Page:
Diving within the islands is wild and wonderful, big walls and exciting fish action is the norm. One of the most dramatic sites is Rainbow Reef, a colorful haven for marine life large and small. Huge gorgonians and beautiful hard corals decorate the ridges of the reef, which extend into deep water. Sharks, Barracuda and a bounty of reef fish are commonly found off the edge of the reef, where the current is strongest. Kabakon Reef, encompassing a series of reef structures, is equally intriguing. Gullies lined with seafans, sponges and soft corals are found along the deeper edges, while pristine, shallow coral gardens flittered with Anthias, Fusiliers, damsels and a plethora of other reef fish. One of the most unusual dives in the Duke of Yorks is the Two Tanks Wrecks, in Makada Harbor off the northern tip of Duke of York Island. The two Japanese tanks, believed to have been stranded in transport, sit upright, one behind the other, in just 15 feet of water.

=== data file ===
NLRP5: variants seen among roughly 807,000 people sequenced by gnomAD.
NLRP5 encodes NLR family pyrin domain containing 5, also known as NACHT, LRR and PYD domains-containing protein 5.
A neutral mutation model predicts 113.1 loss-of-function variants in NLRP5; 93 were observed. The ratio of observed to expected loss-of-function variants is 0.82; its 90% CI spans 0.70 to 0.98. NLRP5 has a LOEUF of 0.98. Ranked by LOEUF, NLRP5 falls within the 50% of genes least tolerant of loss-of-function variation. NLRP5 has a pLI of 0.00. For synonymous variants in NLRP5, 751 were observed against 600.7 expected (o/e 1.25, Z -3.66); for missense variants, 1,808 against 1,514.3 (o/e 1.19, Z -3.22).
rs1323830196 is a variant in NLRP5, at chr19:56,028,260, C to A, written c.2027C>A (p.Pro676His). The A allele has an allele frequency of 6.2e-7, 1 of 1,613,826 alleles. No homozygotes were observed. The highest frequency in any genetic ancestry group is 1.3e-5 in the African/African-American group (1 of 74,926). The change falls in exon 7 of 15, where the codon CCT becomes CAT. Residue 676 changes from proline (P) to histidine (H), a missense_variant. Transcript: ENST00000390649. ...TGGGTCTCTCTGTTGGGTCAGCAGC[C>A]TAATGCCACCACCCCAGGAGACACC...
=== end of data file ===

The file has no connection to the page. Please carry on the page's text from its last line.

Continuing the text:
The remainder of the Star Dancer trip takes place west of Rabaul, off the north coast of the peninsula. Although a few boats venture into this remote area, it is for the most part unexplored. In this region it’s possible to see everything from whales and Manta Rays to dolphins and Dugongs. We barely scratched the surface on our charter, but what we did see left us wanting more. The walls and reefs were absolutely breathtaking, tumbling down in an avalanche of color. Although the components of the reefs were essentially the same, each had a unique character: Some had ridges lined with enormous seafans, others featured valleys dotted with huge barrel sponges, a few were covered with forests of six foot high seawhips, and most were brightly lit with neon colored soft corals. On all the reefs the fish life was extraordinary. Gray Reef Sharks, Silvertips and Bronze Whalers are common and jacks, Barracuda, Dogtooth Tuna, snapper and Spanish Mackerel were seen on just about every dive.